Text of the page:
Porta's Kitchen
Note to cook: The most important thing is that this dish, which is fit for the gods, should be prepared with feeling… Without feeling it is of no use.

You may now proceed:

Step 1: First you pick out some beautiful potatoes. You might steal them in a field or find them in a cellar. Anyway, when you’ve got them you sit on a good chair. If your backside is sore get a cushion. Then you peel ‘em. The bad parts, if any, are neatly and lovingly cut off.

Step 2: Drop the peeled potatoes in a bucket with lovely cold spring water with a saucy little splash just like a virgin weeing in a stream on a spring evening while the mosquitoes play in the bushes.

Step 3: When all the spuds are peeled, boil ‘em. Then mash them nicely and according to the rules into a porridge.

Step 4: Go into a field or a village where the fragrance tell you there’s cattle. Find a female cow. I take it you know the difference between a he and a she. If not just lift the rudder at the back end, but keep your nose away. You see, the exhaust sits just beneath it.

Step 5: When you’ve found the proper animal, draw off a pint of juice from the milk container. It is an apparatus under the stomach and looks like an electrical fitting. Pour the milk into the mashed potatoes but, for the sake of the holy Elizabeth, be careful you’ve not found a goat or a donkey on the lovely spuds because donkey’s milk is used for bathing in.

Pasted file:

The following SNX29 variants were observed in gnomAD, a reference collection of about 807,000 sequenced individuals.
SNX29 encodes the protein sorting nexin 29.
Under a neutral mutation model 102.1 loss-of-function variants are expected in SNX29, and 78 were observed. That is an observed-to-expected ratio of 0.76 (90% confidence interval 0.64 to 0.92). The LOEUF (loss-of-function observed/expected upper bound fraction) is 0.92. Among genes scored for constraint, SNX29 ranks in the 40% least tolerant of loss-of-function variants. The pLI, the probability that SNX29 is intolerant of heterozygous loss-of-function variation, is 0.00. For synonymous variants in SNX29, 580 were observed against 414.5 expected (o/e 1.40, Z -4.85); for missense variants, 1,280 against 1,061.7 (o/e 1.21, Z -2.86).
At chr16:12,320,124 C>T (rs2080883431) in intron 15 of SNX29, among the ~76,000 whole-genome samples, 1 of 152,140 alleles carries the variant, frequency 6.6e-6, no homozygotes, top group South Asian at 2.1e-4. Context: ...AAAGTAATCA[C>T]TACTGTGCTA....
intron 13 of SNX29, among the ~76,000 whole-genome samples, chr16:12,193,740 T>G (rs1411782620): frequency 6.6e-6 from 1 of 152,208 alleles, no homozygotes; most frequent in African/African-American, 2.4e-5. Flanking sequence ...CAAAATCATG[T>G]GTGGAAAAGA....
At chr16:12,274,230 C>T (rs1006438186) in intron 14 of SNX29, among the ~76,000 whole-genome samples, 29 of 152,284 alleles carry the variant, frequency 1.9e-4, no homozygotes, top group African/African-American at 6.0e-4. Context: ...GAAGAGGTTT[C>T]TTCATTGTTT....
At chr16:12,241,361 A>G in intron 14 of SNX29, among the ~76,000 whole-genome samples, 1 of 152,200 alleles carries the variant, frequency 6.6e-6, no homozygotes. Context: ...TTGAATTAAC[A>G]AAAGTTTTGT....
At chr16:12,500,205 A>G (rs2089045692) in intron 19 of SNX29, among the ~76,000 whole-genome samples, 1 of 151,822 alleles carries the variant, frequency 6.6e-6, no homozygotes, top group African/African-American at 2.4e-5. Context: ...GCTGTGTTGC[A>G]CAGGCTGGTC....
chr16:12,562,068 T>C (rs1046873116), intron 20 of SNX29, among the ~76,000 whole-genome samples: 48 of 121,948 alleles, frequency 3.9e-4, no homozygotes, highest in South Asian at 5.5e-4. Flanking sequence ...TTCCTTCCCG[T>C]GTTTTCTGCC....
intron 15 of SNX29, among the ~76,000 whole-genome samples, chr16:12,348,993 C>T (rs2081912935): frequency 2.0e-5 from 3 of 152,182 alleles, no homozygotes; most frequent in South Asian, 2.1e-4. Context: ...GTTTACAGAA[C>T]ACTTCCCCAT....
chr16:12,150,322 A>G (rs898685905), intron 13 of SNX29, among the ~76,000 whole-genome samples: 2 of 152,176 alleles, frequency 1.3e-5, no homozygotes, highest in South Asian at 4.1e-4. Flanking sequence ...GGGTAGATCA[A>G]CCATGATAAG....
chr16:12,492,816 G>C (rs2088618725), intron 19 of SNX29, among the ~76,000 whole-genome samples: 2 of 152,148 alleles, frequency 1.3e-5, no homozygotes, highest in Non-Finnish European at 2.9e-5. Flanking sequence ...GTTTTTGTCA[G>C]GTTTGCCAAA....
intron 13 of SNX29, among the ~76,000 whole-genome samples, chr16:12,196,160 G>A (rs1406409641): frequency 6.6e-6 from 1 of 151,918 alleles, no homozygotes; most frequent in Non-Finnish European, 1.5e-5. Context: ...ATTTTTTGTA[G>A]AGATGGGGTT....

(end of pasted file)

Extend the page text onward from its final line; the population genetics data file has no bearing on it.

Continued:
Step 6: When the pure cow-milk has been poured on the spuds, stir round elegantly and well. Then take a pinch of salt and gently drop it in the spuds, but for heaven’s sake with feeling and for the sake of Saint Gertrude stir with a wooden spoon all the time. If you haven’t got one, use your bayonet. Remember to wipe off any blood or oil.

Step 7: Then, break ten eggs and in your most charming manner stir them up with sugar. Pinch the sugar from the quartermaster, but for the sake of Holy Moses’ blue eyes, stir slowly, dear friends, slowly!

Step 8: Boil the whole thing on a slow fire. Never use manure for fuel. It stinks!.. The pork is browned over a glowing fire made of birchwood.

Step 9: You cut the pork conscientiously into cubes and let the pieces slide into the mash. It must be done with loving care and feeling. The most important thing is to put one’s whole Catholic soul into the job.

Step 10: While singing a Russian autumn-song, you cut up a few chives and with a winning smile you spread it over the mash. A pinch of paprika is also very good. And not to be despised is a half-full cartridge-case of pepper. But for the sake of the Holy Jordan don’t’ leave it on the fire too long. You see lads, this is called ‘Burning Love’.

Step 11: Before you sit down to eat this manna, rinse your spoon well in boiling water. It would be a truly deadly sin to eat the mash with a dirty spoon.”

Caution: Remember to use the meat of a white pig for the cubes; at a pinch use a black one, but never a red one. That would be blasphemy.